odents (model 683; Harvard rodent ventilator, Harvardpparatus, Inc., Holliston, Massachusetts). The chest waspened by a left thoracotomy and the heart was exposed.fter incision of the pericardium to allow access to the leftain coronary artery, the hearts were subjected to 5 min of
schemia by ligation the left main coronary artery with #6/0
ilk string. The string was removed after 5 min of coronary 1
cclusion to produce reperfusion.fter 3 min of reperfusion, blood
amples were drawn by cardiacuncture and the heart was rap-dly excised. Before and duringhe ischemia or reperfusion pe-iod, ECGs were recorded on aowerLab 4/25 data acquisitionystem (ADInstruments, Colo-ado Springs, Colorado) with datanalysis software (Chart v4.0, AD-nstruments). Ventricular arrhyth-ia was assessed in accordanceith the definitions reported in theambeth Convention (12), and
he incidence and duration of ven-ricular tachycardia (defined as 4 orore consecutive ventricular pre-ature beats) and ventricular fi-
rillation (if an irregular undulat-ng baseline was apparent) wereetermined. All studies were per-ormed in accordance with theuidelines described in the na-ional animal protection law, andhe use of animal tissues was ap-roved by the Fukuoka Universitynternal Review Committee.xperimental protocols. EXPER-
MENT 1. The effects of rHDL onCG properties, BP, heart rate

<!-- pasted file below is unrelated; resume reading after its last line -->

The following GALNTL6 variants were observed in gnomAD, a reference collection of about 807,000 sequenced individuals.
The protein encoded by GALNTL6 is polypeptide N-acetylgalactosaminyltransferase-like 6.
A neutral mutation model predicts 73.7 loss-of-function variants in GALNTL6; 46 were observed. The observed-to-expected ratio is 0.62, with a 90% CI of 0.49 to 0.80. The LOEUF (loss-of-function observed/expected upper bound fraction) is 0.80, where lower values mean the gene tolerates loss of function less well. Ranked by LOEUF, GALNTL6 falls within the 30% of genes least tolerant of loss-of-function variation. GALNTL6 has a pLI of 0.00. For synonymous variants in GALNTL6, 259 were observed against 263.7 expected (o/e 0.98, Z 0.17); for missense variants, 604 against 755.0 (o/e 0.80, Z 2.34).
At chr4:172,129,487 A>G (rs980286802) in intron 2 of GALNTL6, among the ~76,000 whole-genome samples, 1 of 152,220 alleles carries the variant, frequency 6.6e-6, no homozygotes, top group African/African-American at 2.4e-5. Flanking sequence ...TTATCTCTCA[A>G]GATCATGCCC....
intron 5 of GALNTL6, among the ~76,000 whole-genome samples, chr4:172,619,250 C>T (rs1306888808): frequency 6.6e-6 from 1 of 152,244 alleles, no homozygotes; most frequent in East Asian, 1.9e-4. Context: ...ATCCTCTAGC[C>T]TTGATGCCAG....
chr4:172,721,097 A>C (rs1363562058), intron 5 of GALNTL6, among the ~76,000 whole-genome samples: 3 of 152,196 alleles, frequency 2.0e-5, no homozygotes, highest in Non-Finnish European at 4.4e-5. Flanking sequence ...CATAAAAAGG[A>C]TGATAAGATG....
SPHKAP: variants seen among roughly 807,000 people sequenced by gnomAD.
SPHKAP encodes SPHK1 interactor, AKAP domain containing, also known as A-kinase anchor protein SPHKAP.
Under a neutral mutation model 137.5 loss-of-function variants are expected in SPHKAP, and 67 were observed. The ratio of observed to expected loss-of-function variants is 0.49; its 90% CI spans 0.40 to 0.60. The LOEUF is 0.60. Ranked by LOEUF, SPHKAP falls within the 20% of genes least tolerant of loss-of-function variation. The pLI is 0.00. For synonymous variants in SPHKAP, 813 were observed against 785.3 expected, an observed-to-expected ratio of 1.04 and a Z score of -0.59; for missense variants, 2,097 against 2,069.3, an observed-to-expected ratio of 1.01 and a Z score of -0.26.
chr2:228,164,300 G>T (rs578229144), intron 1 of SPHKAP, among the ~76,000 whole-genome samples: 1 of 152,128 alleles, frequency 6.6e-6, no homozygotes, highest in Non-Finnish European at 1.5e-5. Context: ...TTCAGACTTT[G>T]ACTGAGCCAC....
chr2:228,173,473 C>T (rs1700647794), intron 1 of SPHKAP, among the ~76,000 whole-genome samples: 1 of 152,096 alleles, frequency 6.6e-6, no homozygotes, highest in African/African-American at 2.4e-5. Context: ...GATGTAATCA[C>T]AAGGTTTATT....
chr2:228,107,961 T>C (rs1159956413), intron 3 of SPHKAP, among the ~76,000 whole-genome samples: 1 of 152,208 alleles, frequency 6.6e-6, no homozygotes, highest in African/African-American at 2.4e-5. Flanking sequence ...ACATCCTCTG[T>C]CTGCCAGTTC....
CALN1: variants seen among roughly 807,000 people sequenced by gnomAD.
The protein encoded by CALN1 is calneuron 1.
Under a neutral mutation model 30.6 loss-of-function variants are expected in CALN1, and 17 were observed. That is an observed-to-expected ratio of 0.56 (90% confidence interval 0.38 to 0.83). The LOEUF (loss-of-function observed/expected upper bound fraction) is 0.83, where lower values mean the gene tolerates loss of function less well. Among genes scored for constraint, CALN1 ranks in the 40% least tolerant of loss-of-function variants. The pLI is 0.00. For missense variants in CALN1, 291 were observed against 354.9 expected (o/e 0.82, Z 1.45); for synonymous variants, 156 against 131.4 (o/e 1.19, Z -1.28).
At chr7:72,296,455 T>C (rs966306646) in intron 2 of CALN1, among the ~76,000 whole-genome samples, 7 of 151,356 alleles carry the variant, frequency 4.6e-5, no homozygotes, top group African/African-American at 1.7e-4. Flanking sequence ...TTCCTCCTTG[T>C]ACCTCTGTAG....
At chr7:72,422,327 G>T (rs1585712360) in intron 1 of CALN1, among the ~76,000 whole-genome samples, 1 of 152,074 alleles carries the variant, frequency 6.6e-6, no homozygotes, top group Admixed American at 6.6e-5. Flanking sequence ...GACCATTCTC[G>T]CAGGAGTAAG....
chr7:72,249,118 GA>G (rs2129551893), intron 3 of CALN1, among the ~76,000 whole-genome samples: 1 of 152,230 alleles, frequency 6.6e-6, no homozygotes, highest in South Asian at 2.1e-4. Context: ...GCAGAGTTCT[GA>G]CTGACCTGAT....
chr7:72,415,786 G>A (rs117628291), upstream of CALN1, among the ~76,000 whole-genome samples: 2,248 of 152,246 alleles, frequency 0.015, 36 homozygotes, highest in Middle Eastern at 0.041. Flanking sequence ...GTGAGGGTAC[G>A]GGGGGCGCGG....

HR), and cardiac function weretudied. The rHDL (6 mg/kg of-I) was injected intravenously
nto rats under sedation (pento-arbital, intraperitoneally). Inhe control group, phosphate-uffered saline (PBS) was infusednstead of rHDL. Changes inCG properties (PR, QRS, andT intervals), BP, and HR were
ecorded before injection and 10nd 15 min after injection. TheP and HR were measured withBP monitor (MK1100, Muro-achi Kikai Co., Tokyo, Japan). Cardiac function was also
ecorded at the same time by transthoracic echocardiogra-hy (NEMIO SSA-550A, Toshiba, Tokyo, Japan). Short-nd long-axis 2-dimensional views and M-mode at the levelf papillary muscle were analyzed, and the ejection fractionas calculated as [100 (volume in diastole-volume in
ystole)/volume in diastole].
XPERIMENT 2. The experimental design is shown in Figure. Ninety-two male Wistar rats were randomly assigned to